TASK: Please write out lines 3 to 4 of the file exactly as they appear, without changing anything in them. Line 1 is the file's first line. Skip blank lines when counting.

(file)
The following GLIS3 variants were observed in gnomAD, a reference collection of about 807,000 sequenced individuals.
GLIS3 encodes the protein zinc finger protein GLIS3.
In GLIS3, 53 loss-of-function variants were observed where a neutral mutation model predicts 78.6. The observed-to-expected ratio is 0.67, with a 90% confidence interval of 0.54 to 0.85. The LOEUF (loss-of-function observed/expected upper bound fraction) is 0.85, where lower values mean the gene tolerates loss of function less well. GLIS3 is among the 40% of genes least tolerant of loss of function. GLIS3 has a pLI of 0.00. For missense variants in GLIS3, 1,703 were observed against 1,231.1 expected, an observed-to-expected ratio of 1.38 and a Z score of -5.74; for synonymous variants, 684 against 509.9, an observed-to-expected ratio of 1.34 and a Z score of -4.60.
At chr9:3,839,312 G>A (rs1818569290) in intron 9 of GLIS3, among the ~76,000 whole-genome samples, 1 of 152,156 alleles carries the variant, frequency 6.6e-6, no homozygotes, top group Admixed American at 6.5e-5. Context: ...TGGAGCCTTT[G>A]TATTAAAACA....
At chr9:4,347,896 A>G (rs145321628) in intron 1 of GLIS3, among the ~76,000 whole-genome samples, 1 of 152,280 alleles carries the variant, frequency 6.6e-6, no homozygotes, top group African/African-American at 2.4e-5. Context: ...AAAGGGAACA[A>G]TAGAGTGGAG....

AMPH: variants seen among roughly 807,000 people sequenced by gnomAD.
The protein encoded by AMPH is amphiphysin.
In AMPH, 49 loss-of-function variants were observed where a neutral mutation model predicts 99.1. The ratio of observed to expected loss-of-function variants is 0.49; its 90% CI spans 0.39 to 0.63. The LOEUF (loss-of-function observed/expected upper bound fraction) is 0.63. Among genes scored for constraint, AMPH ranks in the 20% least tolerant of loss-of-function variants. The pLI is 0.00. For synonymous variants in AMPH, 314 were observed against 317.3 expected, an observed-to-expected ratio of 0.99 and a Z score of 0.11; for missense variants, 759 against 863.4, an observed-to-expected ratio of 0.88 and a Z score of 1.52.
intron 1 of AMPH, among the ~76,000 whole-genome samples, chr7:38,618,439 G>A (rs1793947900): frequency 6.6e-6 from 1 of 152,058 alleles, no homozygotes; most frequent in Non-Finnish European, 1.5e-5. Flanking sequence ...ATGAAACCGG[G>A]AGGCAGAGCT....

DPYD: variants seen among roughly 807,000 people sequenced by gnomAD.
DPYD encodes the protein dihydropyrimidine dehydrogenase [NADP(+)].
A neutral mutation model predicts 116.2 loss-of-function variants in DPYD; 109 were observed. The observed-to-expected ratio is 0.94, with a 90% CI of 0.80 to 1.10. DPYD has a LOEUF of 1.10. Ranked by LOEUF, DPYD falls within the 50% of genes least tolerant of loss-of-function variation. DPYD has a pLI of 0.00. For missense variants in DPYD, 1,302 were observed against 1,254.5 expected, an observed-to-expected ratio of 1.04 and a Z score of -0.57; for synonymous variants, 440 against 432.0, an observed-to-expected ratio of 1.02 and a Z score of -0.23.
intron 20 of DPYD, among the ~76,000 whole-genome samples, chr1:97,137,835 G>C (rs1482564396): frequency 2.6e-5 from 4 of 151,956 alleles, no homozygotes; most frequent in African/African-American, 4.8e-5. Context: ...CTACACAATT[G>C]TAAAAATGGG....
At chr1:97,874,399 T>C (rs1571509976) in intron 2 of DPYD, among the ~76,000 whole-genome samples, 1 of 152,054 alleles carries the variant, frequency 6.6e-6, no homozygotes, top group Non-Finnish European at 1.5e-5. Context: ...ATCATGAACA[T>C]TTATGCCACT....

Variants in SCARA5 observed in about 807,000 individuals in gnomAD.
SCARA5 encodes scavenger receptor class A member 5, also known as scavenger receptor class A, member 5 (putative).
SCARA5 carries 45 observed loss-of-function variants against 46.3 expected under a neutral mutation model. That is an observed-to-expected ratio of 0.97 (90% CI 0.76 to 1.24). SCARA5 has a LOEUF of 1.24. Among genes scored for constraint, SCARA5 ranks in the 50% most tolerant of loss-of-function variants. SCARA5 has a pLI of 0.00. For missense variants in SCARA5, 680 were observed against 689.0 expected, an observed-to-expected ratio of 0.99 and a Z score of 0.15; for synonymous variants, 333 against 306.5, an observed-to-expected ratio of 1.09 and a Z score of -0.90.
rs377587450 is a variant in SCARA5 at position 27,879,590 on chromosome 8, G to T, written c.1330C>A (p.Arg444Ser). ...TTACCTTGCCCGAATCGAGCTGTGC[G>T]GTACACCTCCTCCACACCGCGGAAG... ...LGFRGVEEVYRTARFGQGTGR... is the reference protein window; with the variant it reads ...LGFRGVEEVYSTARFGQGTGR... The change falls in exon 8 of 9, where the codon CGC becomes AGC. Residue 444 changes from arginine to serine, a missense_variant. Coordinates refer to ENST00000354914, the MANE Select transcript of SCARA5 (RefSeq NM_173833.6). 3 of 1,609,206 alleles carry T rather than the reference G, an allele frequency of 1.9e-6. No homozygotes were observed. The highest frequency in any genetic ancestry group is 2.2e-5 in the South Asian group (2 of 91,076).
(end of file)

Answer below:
In GLIS3, 53 loss-of-function variants were observed where a neutral mutation model predicts 78.6. The observed-to-expected ratio is 0.67, with a 90% confidence interval of 0.54 to 0.85. The LOEUF (loss-of-function observed/expected upper bound fraction) is 0.85, where lower values mean the gene tolerates loss of function less well. GLIS3 is among the 40% of genes least tolerant of loss of function. GLIS3 has a pLI of 0.00. For missense variants in GLIS3, 1,703 were observed against 1,231.1 expected, an observed-to-expected ratio of 1.38 and a Z score of -5.74; for synonymous variants, 684 against 509.9, an observed-to-expected ratio of 1.34 and a Z score of -4.60.
At chr9:3,839,312 G>A (rs1818569290) in intron 9 of GLIS3, among the ~76,000 whole-genome samples, 1 of 152,156 alleles carries the variant, frequency 6.6e-6, no homozygotes, top group Admixed American at 6.5e-5. Context: ...TGGAGCCTTT[G>A]TATTAAAACA....